“The Bush Administration’s eight-year campaign to subjugate all other uses of public land — recreation, water quality, habitat, ranching — to rampant energy development has been well documented and former Secretary Norton’s ‘No-More-Wilderness’ policy is one of the most destructive examples,” the letter adds.
Salazar’s order “restores balance” by allowing BLM to fulfill its conservation duties while acknowledging Congress’ authority to designate permanent wilderness, the lawmakers said. Final guidance to land managers on the policy is expected in February.
The letter comes as Interior’s “wild lands” policy has taken heat from some Western Governors and Republicans, including House Natural Resources Chairman Doc Hastings, who believe the policy will prevent energy developers and off-highway vehicle users from accessing BLM lands, stifling economic development.
To read the letter, click here:
For additional information on the BLM “wild lands” policy see the Jan. 13 edition of ESA Policy News at:
On Jan. 20, education and public affairs staff of the Ecological Society of America (ESA) met with congressional staff of the House Education and Workforce Committee and House Science, Space and Technology Committee to discuss ESA’s interest in education for a competitive and diverse workforce.
The meetings with both the Republican (majority) and Democratic (minority) staffers promoted the growing need to invest in science, technology, engineering and mathematics education (STEM) programs that achieve the following: 1) Opportunities for integrated math and science education to meet the needs of the nation in the areas of agricultural production, ecosystem health and energy 2) Mentoring for diversity in the sciences and 3) Bridge programs between K-12 and college supporting a career pathway in the sciences.
The recently released National Assessment of Educational Progress (NAEP) 2009 Science Report Card for students in grades four, eight, and twelve shows that while the majority of the nation’s students performed at or above the basic level of science, there remains a significant discrepancy between the scores of whites and minorities as well as poor and more affluent students.
To view the NAEP report, click here: http://nationsreportcard.gov/science_2009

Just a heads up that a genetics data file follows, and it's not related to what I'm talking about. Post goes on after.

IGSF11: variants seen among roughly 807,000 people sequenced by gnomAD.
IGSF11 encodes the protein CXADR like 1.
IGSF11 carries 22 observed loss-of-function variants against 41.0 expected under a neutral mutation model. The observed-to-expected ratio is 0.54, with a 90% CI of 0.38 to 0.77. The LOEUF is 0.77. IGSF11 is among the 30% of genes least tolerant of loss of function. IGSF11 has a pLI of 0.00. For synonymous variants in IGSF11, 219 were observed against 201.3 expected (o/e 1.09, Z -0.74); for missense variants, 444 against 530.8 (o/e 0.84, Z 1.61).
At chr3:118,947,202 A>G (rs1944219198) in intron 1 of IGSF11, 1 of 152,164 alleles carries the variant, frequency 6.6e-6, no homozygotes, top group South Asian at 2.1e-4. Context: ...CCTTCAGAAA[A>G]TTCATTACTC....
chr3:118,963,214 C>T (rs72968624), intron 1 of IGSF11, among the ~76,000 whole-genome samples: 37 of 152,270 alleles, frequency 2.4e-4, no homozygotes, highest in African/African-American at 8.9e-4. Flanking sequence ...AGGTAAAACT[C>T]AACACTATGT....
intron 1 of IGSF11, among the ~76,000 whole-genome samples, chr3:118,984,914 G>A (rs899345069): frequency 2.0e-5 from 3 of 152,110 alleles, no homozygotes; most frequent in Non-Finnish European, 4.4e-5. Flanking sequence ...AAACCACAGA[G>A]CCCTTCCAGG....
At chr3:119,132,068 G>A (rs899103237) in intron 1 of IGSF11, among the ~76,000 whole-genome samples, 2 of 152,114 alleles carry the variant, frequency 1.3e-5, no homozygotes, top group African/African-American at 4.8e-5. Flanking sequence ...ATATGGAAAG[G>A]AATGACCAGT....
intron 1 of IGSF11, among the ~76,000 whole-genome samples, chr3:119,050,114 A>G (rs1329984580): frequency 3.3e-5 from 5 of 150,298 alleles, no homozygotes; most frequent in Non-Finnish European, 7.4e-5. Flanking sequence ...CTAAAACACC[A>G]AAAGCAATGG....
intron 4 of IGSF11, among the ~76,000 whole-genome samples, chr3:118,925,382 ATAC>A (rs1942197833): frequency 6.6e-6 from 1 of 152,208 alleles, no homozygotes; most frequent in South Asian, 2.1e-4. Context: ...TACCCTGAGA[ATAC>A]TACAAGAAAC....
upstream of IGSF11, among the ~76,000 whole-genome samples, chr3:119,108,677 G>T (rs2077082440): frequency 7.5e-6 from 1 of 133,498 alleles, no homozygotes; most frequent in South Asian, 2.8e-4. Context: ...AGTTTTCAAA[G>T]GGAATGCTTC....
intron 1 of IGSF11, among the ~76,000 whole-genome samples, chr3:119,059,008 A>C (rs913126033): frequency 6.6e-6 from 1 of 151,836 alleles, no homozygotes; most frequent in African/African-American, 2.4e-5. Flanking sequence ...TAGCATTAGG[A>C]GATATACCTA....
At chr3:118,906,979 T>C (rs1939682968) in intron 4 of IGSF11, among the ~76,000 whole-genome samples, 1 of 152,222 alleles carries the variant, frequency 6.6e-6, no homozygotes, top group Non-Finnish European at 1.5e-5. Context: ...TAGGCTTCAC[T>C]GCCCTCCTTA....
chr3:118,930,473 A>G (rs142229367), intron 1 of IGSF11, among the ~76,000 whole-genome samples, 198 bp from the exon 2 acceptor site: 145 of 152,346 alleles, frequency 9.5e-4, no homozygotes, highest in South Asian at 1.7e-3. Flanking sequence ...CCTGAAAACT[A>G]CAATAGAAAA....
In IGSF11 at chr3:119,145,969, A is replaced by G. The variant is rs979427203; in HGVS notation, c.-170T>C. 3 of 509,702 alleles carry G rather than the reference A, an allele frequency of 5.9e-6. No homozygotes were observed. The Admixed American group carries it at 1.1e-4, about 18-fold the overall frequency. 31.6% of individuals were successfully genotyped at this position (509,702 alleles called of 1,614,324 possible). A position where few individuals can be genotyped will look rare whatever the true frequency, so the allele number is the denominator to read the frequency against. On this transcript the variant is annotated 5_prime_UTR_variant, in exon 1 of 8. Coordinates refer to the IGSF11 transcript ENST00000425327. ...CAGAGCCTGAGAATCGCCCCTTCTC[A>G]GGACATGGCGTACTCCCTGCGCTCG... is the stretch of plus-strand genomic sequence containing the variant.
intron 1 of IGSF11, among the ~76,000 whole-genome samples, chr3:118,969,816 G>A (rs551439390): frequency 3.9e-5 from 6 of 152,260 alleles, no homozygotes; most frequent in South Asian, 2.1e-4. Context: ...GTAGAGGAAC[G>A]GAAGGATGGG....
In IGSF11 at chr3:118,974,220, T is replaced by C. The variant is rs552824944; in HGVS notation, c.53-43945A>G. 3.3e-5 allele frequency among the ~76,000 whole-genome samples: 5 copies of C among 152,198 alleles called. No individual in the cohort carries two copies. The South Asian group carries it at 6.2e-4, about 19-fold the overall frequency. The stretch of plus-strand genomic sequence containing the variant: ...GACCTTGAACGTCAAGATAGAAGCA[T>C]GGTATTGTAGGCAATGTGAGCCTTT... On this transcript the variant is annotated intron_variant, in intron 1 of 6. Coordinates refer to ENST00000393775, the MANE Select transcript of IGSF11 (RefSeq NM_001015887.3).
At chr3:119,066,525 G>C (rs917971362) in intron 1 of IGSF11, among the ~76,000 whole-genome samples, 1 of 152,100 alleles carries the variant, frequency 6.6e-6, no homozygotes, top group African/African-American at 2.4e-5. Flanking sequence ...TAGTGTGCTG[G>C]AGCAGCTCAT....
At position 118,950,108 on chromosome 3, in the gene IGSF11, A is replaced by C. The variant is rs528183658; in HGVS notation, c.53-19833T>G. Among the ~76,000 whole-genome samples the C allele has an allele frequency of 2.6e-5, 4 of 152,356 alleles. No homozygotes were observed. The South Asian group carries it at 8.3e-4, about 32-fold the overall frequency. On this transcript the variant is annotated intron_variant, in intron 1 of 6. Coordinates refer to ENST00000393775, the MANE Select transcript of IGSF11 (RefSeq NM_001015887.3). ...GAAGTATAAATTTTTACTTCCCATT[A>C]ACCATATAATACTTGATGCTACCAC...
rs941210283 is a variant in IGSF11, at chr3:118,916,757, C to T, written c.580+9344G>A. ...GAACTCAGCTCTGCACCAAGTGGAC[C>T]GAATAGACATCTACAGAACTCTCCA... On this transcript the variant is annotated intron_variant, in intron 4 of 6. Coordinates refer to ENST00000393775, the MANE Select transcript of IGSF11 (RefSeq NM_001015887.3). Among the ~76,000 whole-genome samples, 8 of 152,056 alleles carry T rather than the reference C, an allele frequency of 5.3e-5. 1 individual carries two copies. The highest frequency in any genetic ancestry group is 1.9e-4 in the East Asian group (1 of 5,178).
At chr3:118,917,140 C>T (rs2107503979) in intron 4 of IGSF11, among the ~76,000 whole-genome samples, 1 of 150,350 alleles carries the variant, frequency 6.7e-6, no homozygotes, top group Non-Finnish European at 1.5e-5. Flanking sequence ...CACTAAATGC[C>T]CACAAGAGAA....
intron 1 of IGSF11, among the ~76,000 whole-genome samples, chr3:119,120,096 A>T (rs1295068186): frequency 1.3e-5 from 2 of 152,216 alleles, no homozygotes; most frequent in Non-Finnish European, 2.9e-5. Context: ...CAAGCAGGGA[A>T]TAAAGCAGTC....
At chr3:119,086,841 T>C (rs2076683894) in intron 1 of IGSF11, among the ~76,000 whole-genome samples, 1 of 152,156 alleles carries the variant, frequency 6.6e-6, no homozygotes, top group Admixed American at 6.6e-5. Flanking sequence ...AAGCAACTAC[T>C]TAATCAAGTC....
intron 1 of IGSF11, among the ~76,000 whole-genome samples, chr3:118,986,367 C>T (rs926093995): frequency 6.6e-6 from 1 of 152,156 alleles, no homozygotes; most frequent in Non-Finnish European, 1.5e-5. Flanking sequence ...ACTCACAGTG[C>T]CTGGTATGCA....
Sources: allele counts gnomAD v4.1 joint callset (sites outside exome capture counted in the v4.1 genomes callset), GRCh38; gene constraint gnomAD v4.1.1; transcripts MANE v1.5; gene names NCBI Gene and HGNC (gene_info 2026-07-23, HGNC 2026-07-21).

Passed the House
H.Res. 38, Reducing non-security spending to fiscal year 2008 levels or less – the non-binding resolution directs the Chairman of the House Budget Committee to establish an overall spending limit for the remainder of Fiscal Year 2011. The resolution was agreed to Jan. 25 by a vote of 256-165 with 17 Democrats voting with all Republicans.
Introduced in the House
H.R. 457, to restore the mountaintop mining permit – Introduced by Rep. David McKinley, the bill would prevent the EPA from retroactively vetoing water permits. The legislation was introduced in direct response to the agency’s Jan. 13 veto of a Clean Water Act permit issued by the Army Corps of Engineers to the proposed 2,200-acre Spruce No. 1 mountaintop mine. EPA contended the project would damage the environment and nearby West Virginia communities. Original cosponsors include Reps. Bob Gibbs (R-OH), Bill Johnson (R-OH), Shelley Moore Capito (R-WV) and Nick Rahall (D-WV), the former chairman of the Natural Resources Committee.
H.R. 501, Implementing the Recommendations of the BP Oil Spill Commission Act – introduced Jan. 26 by House Natural Resources Committee Ranking Member Edward Markey (D-MA), the bill would incorporate the recommendations of the National Commission on the BP Deepwater Horizon Oil Spill and Offshore Drilling, which investigated BP oil spill disaster. The bill includes the following provision inspired from the commission report:
- Reorganizes the Interior Department and strengthens the Department’s offshore oil safety agency.
- Creates a dedicated funding stream for oil spill research and development.
Increases the role of experts in the U.S. Coast Guard and National Oceanic and Atmospheric Administration in the decision-making process for where new oil drilling can occur.
- Requires research into gaps in scientific data and response capabilities in the Arctic.
Requires extensive study of the potential effects of dispersant use on aquatic life and the environment.
- Requires the Federal Government to develop realistic worst-case flow-rate models and for oil companies to use them when they create real, worst-case scenario oil spill response plans.
- Increases the per incident payout from the oil spill liability trust fund.
Creates permanent government expertise on estimating and measuring the flow rates from deepwater spills.